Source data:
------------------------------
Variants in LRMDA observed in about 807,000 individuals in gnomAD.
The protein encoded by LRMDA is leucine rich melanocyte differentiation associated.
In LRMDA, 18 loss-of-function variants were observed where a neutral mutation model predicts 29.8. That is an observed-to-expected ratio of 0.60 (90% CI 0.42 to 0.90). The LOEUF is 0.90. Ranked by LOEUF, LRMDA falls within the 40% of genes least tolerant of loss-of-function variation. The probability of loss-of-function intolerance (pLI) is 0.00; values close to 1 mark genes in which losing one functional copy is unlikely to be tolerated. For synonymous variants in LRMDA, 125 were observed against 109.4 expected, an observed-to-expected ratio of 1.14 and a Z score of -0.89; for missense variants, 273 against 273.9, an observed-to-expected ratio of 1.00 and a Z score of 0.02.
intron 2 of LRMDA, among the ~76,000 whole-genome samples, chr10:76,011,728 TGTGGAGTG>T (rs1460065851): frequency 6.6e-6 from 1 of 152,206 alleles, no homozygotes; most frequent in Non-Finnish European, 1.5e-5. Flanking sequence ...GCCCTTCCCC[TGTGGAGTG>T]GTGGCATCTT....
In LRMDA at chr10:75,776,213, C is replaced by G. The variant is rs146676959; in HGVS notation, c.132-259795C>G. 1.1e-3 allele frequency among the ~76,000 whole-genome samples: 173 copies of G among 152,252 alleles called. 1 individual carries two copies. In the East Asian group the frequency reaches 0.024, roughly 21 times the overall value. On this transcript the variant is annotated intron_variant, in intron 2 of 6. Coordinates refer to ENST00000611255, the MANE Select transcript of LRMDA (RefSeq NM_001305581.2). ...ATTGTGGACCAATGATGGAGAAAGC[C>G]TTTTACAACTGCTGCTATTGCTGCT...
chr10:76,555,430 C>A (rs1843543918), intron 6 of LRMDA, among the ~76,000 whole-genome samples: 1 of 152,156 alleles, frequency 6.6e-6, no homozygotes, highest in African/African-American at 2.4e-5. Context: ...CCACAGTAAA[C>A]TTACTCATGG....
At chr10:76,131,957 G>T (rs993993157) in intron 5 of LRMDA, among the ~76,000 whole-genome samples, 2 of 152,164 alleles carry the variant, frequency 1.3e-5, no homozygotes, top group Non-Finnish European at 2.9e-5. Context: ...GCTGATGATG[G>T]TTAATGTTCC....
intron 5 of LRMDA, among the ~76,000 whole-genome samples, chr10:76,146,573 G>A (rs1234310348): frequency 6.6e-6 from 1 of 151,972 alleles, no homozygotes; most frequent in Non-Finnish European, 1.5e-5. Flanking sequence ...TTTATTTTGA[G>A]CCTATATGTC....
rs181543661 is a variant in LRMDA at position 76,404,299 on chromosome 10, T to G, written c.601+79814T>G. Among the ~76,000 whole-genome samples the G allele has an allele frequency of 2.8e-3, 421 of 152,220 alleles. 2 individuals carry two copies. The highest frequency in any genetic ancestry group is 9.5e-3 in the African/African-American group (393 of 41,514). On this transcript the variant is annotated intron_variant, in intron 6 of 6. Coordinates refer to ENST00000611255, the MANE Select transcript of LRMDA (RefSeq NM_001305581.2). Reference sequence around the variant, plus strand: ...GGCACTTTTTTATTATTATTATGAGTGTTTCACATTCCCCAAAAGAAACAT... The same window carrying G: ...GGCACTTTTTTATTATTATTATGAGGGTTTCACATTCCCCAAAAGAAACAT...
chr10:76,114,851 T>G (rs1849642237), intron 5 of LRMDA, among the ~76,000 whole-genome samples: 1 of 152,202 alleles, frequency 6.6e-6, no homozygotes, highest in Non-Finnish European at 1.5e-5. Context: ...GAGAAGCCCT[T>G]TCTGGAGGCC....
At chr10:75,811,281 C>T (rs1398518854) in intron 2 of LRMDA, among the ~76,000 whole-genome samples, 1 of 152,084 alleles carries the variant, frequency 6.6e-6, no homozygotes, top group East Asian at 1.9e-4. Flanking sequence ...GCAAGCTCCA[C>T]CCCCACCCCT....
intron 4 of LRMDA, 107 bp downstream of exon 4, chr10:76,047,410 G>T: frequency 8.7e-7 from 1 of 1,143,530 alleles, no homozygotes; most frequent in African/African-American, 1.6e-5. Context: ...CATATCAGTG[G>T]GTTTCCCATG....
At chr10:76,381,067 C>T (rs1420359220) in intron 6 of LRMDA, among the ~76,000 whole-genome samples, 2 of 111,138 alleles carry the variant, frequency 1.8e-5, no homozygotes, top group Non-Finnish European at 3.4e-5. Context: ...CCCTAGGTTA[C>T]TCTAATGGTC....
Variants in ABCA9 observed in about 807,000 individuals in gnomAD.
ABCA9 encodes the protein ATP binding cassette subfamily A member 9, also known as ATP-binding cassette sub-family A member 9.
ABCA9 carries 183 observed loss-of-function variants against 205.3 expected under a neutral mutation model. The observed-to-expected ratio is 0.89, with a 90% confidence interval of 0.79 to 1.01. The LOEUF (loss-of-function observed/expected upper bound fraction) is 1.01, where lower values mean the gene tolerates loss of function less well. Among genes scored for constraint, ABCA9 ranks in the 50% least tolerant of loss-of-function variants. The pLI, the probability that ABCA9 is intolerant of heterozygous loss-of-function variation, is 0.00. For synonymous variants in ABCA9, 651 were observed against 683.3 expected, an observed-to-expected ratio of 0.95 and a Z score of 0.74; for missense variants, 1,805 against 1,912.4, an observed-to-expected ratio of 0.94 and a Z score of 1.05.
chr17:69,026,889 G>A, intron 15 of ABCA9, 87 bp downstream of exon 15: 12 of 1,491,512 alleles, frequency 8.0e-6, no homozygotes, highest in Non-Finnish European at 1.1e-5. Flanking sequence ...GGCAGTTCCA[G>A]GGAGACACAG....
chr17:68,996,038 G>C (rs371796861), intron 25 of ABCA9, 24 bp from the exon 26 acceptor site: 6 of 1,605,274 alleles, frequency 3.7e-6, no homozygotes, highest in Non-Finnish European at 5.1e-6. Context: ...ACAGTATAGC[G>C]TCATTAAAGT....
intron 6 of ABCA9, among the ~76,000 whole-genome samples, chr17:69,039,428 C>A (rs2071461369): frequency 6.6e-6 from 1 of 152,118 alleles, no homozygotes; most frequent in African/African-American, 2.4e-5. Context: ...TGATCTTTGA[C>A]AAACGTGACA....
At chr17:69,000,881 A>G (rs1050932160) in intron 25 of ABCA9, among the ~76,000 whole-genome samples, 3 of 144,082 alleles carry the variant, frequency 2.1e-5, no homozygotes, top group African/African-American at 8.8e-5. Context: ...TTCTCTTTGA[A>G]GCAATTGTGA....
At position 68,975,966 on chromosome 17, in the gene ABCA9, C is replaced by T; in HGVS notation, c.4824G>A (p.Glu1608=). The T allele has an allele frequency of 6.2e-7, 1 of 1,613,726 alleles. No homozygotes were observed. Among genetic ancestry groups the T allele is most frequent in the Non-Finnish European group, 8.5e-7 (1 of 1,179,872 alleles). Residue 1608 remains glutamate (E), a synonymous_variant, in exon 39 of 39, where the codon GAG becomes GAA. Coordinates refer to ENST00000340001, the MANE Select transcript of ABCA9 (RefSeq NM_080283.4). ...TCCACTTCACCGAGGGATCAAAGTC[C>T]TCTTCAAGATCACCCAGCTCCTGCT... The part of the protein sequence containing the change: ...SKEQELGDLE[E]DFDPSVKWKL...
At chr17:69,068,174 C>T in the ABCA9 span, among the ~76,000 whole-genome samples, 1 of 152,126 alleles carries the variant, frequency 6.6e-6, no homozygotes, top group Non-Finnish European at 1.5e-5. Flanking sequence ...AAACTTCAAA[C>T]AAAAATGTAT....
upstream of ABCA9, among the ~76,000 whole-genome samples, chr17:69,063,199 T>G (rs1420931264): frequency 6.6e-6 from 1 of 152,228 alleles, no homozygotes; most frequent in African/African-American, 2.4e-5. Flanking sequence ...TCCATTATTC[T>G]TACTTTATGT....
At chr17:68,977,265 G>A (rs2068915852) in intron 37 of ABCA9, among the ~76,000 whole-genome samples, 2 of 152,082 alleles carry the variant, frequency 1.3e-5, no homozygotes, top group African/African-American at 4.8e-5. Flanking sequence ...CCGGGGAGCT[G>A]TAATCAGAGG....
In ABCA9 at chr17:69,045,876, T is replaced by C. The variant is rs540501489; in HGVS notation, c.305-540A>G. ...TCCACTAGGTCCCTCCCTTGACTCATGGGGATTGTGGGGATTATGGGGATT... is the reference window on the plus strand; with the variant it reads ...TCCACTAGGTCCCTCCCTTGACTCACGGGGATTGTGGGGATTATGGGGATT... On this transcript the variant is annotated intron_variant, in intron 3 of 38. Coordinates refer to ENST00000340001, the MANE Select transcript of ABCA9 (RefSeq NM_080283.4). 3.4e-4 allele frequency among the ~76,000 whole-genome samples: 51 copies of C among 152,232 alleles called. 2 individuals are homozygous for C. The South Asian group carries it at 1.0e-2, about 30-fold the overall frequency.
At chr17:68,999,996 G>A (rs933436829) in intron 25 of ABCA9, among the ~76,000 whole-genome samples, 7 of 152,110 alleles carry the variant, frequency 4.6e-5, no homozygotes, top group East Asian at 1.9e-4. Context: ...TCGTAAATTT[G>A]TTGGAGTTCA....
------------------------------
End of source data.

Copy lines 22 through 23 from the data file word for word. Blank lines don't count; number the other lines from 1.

At chr17:69,068,174 C>T in the ABCA9 span, among the ~76,000 whole-genome samples, 1 of 152,126 alleles carries the variant, frequency 6.6e-6, no homozygotes, top group Non-Finnish European at 1.5e-5. Flanking sequence ...AAACTTCAAA[C>T]AAAAATGTAT....
upstream of ABCA9, among the ~76,000 whole-genome samples, chr17:69,063,199 T>G (rs1420931264): frequency 6.6e-6 from 1 of 152,228 alleles, no homozygotes; most frequent in African/African-American, 2.4e-5. Flanking sequence ...TCCATTATTC[T>G]TACTTTATGT....